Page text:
Most of the time when we're moving around London, we're either making our way through the streets on foot, sitting on a crawling bus or travelling on a noisy train many metres below the surface. I guess I should add "or dodging pedestrians on one of Boris's bikes" to the list now.
Occasionally it's fun to make a special effort to rise above the melee and take in the big picture. By getting high in the sky, you can appreciate what a beautiful city London really is, with its resplendent parks, historic buildings and winding river laid out before you like a sprawling model village.
So here are a few ideas for getting that spectacular view:
Tower 42 – London's newest skyscraper, situated in the heart of the City of London, is home to Vertigo 42, a bar/restaurant 182 metres up. It's the place to go for the newest view in town.
The London Eye – 135 metres high and taking 40 minutes to do a single rotation, this, the tallest Ferris wheel in Europe, offers a smooth, comfortable ride, as well as dazzling views of central London and beyond.
St. Paul's Cathedral – it requires a bit of legwork and isn't recommended for those of a claustrophobic nature, but the views from the top are special if you do take it on. And as you plod up each of the 530 steps to the Golden Gallery 85 metres up, take a moment to wallow in the fact that you're climbing more than 300 years of London history.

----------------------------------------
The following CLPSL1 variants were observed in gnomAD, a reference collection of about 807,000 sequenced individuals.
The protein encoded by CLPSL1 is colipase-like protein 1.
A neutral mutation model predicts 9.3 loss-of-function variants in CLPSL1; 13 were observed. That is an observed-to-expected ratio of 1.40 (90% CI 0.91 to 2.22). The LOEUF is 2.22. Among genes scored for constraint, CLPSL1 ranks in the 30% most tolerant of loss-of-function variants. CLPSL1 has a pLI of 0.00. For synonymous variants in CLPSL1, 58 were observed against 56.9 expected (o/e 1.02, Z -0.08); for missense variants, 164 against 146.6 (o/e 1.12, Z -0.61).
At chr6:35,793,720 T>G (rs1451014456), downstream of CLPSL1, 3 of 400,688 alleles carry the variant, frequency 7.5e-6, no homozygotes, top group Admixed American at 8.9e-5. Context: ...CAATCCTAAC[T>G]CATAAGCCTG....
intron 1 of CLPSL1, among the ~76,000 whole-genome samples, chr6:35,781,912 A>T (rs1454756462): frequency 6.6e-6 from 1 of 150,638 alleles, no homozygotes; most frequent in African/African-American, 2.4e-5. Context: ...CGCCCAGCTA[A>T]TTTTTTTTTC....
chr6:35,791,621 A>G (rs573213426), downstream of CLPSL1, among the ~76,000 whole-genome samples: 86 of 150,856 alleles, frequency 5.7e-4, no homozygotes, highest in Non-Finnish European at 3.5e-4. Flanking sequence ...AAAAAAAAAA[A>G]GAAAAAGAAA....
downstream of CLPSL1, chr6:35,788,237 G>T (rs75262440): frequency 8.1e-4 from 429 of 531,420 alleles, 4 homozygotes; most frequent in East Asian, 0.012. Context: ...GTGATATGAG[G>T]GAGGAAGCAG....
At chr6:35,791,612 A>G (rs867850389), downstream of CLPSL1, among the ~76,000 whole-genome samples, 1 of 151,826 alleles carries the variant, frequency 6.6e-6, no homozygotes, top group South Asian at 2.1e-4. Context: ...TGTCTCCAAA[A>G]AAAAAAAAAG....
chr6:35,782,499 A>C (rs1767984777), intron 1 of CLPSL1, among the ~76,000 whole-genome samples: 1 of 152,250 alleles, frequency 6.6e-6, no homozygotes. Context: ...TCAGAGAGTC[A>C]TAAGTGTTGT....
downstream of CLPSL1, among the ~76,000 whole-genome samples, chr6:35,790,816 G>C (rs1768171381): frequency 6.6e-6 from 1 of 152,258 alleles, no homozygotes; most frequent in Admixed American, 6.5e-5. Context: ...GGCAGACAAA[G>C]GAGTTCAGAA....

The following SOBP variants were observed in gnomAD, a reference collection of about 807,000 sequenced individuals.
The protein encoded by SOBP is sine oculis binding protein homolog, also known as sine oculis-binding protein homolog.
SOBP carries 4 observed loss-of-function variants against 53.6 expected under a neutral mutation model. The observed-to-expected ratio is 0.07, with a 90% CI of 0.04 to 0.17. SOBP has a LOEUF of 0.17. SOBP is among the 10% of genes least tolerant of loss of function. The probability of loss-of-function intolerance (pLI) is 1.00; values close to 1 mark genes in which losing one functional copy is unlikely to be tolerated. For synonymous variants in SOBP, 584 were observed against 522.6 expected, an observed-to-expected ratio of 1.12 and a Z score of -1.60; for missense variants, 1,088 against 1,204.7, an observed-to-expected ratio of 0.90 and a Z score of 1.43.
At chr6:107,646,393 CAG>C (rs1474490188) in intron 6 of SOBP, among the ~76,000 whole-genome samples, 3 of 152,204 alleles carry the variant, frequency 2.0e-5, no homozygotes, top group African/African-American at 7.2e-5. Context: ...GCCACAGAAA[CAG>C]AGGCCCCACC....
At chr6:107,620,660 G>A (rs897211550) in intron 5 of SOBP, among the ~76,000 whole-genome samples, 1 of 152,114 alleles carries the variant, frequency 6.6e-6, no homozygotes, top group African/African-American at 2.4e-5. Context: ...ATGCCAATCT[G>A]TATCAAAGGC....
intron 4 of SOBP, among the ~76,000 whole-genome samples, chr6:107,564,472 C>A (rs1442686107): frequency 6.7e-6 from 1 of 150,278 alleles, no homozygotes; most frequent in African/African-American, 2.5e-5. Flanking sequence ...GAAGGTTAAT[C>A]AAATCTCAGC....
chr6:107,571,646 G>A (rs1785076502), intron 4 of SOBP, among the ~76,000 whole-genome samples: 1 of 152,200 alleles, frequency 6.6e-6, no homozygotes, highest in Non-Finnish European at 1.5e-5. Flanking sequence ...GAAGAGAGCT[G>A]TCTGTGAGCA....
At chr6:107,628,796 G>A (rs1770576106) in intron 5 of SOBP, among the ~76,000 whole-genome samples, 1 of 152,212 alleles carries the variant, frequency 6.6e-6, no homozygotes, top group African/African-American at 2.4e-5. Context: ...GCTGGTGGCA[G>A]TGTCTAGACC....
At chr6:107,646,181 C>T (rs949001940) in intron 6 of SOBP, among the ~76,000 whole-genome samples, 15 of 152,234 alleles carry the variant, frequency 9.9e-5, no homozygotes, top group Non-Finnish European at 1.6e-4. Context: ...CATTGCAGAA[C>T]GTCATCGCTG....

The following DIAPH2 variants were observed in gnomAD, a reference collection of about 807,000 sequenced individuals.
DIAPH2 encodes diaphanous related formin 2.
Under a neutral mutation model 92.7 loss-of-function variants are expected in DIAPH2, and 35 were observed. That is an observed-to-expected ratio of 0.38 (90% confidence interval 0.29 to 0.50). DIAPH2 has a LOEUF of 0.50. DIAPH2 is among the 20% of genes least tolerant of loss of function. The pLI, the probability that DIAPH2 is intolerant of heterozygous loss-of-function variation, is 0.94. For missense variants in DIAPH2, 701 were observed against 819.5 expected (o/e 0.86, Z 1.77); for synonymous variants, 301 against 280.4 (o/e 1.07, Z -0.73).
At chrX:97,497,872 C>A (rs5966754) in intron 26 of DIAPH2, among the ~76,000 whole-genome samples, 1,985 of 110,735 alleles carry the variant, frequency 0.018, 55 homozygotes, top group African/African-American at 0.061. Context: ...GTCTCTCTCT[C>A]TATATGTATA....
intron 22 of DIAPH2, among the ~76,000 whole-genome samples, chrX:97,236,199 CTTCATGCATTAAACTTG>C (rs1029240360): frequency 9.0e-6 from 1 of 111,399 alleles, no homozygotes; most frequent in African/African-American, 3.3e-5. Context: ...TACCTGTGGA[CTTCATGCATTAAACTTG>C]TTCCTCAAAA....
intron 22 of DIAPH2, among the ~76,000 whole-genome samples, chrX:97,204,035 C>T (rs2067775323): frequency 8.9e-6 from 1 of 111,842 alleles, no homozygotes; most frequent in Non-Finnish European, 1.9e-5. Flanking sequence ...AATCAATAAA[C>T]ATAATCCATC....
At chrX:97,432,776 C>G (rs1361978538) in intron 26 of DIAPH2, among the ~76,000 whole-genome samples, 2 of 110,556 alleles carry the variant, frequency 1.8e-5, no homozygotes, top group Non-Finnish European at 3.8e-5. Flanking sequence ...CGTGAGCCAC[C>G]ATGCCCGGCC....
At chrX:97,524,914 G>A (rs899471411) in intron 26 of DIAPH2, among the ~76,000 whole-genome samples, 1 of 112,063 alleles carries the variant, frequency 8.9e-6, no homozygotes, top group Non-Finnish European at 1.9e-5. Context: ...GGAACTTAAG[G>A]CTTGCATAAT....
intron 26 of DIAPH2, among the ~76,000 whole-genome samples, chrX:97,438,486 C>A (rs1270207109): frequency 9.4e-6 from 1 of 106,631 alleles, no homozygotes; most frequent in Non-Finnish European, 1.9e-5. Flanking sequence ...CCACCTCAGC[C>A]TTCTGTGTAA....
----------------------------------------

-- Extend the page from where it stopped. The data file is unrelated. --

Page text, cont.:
The Monument – the Monument (to the Great Fire of London in 1666) reopened last year after a lengthy £4.5m restoration project and so is now spicker and spanner than ever, so to speak. The restoration project didn't, however, involve building a lift to the top – so the ol' legs will have to be put to use again to tackle the 311 steps. It's 61.5 metres high, situated 61.5 metres from where the Great Fire of London started, in Pudding Lane.
Tate Modern – if you prefer your views accompanied by some top nosh and a glass of wine, then the Tate Modern Restaurant on Level 7 of the popular art gallery is the place to go. Pleasant views of the Thames, the Millennium Bridge and St. Paul's are sure to add a bit of magic to your meal.
Parliament Hill – this is a lovely spot on Hampstead Heath. The hill is popular with kite fliers, walkers and lovers of good views. The centre of London looks a long way away, but many landmarks are clearly visible, including St. Paul's, the London Eye, the BT Tower, the Gherkin, and Canary Wharf. There's an explanation board at the viewpoint naming the landmarks that you can see.
Primrose Hill – closer to the centre than Parliament Hill, Primrose Hill is a lovely sloping park just north of Regent's Park. At 63 metres above sea level at its highest point, you'll see London Zoo in the foreground with many recognisable landmarks in the distance.
Tower Bridge – at 44 metres, it's not the highest viewpoint in London but it is right on top of the River Thames (being a bridge 'n all) and so provides a unique perspective compared to the others in this list.
London Hilton on Park Lane – Galvin at Windows is a swish bar/restaurant on the 28th floor of the London Hilton, offering spectacular wraparound views of the capital. Just make sure you get a table by the window.
Balloon trip – if you'd prefer something altogether more gentler (bar the landing) than a helicopter ride, consider going up in a hot air balloon. Float high above the city and admire the breathtaking scenery from an enviable vantage point.
BT Tower – this place is on the wish list of those who love a lovely view. There was talk last year of a restaurant reopening at the top of the tower, though we're still waiting. It'd be London's only revolving restaurant, and provide 360 degree views - without having to leave your seat!